One last question before I splurge on a 15" PowerBook

Lobos

macrumors member
Original poster
Jun 11, 2005
57
0
Sunnyvale
Thanks to all of your wonderful posts. After reading them and searching for more, I've decided on the 15" PowerBook. However, even after reading some old posts I'm stuck between the 1.5 and 1.67 PowerBook. Some people mentioned that it really wasn't much of an increase. Is it worth it? Is the extra VRAM worth it? I'll be dropping in another half a gig of ram from crucial when I get it (regardless of the processor.) I'm looking toward the future (something that will be comfortable for the next couple of years until things are running well with intel PBs.) I also have the option of getting 1 gig instead of 512 extra ram from crucial (for $200.) Would 1.5 ghz with 1.5 gig of ram be better than 1.67 with only 1 gig?

Here are my price break downs:
1.67 w/ 64 vram, 1 gig ram: 2165
1.67 w/ 128 vram, 1 gig ram: 2255
1.5 w/ 1 gig ram: 2000
1.5 w/ 1.5 gig ram: 2135

Thank you for your help and patience.
 

FFTT

macrumors 68030
Apr 17, 2004
2,952
0
A Stoned Throw From Ground Zero
I would get the fastest processor you can afford AND the best GPU you can afford.

You'll be totaly fine with 1GB RAM for almost anything unless you're working with heavy audio/video applications.
 

Willy S

macrumors 6502
May 8, 2005
393
0
The price difference isn´t that much so this is an easy question. Answer:

1.67 w/ 128 vram, 1 gig ram: 2255
 

KingSleaze

macrumors 6502
Feb 24, 2004
410
0
So. Cal
Get the best main and graphics processors that you can afford. These are NOT upgradeable. RAM you can add as finances permit. Having the best main and graphics processors means a longer time before obsolesence forces you into obtaining newer machine.
 

runninmac

macrumors 65816
Jan 20, 2005
1,495
0
Rockford MI
Get the best prosesser and gfx card you can get you so you will furture proof you system. You can always add ram later . But either way you will be very happy with your PowerBook.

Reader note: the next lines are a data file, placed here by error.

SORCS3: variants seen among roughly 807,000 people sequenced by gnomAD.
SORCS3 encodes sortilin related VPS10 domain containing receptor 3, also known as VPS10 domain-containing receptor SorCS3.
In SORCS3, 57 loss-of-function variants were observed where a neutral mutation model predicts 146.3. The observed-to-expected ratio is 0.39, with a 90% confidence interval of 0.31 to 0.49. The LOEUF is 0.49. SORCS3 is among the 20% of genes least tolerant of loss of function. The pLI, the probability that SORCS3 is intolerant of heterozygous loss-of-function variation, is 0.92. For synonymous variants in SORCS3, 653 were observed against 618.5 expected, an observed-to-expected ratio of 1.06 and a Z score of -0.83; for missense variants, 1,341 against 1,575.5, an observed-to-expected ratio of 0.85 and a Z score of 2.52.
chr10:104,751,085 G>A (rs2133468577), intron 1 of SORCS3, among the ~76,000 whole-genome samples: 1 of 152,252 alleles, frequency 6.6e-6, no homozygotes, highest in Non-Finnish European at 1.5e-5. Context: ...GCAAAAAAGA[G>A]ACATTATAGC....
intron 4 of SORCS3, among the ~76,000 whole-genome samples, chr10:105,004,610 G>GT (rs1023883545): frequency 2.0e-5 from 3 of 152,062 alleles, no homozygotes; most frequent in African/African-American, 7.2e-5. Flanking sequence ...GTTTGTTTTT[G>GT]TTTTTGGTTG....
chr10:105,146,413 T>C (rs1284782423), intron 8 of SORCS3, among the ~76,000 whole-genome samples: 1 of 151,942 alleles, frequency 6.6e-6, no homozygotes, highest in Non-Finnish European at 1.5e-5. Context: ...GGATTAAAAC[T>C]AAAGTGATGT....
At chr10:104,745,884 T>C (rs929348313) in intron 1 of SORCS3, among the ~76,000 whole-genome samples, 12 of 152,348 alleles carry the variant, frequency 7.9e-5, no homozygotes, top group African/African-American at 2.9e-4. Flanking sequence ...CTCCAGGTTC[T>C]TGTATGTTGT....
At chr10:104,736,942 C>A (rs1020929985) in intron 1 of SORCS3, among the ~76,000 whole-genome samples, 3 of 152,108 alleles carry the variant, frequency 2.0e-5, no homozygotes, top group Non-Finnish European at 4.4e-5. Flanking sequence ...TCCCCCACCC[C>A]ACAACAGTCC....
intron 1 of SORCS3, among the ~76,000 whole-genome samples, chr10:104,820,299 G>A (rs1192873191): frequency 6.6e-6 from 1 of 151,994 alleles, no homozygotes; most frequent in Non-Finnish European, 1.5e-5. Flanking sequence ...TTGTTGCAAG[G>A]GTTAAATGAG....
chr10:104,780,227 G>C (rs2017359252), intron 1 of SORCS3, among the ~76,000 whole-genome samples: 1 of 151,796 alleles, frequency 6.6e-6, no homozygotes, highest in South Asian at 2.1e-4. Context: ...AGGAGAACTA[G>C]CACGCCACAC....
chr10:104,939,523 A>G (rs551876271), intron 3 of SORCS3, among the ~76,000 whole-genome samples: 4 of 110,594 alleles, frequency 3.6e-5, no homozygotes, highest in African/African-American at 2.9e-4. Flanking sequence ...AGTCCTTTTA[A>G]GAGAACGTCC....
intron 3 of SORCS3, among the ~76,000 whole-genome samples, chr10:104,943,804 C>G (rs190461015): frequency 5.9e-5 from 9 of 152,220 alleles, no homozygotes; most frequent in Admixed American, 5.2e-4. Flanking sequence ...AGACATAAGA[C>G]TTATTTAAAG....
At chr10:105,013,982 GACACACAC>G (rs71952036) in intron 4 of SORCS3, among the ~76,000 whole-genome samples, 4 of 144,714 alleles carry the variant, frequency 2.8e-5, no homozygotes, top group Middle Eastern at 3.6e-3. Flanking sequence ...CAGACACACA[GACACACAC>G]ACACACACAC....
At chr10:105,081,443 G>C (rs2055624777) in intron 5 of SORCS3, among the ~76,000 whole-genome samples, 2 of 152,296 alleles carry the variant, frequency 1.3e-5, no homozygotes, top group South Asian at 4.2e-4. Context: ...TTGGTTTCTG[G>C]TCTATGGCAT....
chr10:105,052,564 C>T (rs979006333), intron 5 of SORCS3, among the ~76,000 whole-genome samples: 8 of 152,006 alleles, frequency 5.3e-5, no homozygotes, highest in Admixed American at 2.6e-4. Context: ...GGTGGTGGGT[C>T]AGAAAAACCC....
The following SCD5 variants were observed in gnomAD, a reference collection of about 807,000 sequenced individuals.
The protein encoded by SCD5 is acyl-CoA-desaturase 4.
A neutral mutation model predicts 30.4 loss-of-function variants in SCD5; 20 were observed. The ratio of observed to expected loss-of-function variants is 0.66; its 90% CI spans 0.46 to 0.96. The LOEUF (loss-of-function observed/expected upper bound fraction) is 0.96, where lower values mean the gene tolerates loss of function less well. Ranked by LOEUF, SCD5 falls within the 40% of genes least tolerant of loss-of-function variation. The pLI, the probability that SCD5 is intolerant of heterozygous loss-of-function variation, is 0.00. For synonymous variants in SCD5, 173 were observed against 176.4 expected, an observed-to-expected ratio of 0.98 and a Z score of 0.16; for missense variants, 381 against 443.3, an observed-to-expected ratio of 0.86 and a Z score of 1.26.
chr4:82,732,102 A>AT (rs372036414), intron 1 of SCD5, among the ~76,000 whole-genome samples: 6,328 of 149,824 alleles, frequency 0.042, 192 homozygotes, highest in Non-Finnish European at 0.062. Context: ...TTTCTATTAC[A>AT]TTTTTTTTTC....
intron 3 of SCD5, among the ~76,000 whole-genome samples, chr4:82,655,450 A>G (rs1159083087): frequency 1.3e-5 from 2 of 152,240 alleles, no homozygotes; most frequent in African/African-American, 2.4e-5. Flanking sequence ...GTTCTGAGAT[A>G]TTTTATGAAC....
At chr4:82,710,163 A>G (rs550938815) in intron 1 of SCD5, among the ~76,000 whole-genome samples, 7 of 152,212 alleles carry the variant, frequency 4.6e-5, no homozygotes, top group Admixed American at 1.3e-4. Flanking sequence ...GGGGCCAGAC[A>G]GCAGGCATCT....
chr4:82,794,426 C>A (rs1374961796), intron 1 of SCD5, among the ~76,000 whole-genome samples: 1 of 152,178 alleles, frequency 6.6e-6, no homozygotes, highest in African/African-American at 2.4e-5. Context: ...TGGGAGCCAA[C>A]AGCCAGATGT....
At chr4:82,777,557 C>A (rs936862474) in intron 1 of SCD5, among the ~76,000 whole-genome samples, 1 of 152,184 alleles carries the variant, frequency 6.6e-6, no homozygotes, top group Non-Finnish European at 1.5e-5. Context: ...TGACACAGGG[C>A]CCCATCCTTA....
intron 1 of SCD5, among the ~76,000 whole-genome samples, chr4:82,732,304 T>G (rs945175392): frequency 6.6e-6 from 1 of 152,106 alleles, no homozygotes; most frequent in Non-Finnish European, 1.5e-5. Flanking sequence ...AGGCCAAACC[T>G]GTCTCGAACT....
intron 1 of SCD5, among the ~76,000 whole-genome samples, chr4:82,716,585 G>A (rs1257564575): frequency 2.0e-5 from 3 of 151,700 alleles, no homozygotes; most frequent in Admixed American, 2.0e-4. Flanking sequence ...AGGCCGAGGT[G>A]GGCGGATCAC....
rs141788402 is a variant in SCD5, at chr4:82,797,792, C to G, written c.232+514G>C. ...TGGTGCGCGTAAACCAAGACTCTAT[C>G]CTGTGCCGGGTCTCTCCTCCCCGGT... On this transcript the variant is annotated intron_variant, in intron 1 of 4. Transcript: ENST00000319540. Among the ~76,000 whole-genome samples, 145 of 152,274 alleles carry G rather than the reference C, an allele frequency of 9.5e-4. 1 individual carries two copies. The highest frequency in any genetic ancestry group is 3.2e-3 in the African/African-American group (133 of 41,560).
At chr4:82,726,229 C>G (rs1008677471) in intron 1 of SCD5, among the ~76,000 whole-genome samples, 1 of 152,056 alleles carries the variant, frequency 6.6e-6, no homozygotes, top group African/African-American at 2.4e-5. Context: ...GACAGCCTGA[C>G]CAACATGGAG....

FFTT

macrumors 68030
Apr 17, 2004
2,952
0
A Stoned Throw From Ground Zero
One other thing you might consider,
is signing up as a student developer for
$99 BEFORE you purchase your PowerBook.
Once you are accepted, then you're good to go ordering as a developer.

I've heard developer discounts are quite attractive and this may give you a substantial price break on your hardware, software and AppleCare.
 

simon-says

macrumors regular
May 24, 2005
125
6
Louisiana
FFTT said:
I've heard developer discounts are quite attractive and this may give you a substantial price break on your hardware, software and AppleCare.
If I'm not mistaken I think I read somewhere that in order to get discounts you have to have been in the developer program for over a year in order to get discounts. If someone could back me up on this I'd like to be reassured that this is true or false.
 

orijinal

macrumors 6502
Jun 6, 2005
384
0
FFTT said:
One other thing you might consider,
is signing up as a student developer for
$99 BEFORE you purchase your PowerBook.
Once you are accepted, then you're good to go ordering as a developer.

I've heard developer discounts are quite attractive and this may give you a substantial price break on your hardware, software and AppleCare.
be wary, you can only use that ONCE per lifetime ****
 

sw1tcher

macrumors 68000
Jan 6, 2004
1,589
1,838
FFTT said:
One other thing you might consider,
is signing up as a student developer for
$99 BEFORE you purchase your PowerBook.
Once you are accepted, then you're good to go ordering as a developer.

I've heard developer discounts are quite attractive and this may give you a substantial price break on your hardware, software and AppleCare.
Let's see...

A student ADC member would pay $1,919 for the 1.67GHz/128MB vram PB + $99 member fee = $2,018

A student (non-ADC member) would pay $2,189 for the same config - $100 (Spring Promo) = $2,089

A difference of $71. Not bad.

With student ADC though, it takes a while before you can buy. Apple needs to verify that you're really a student.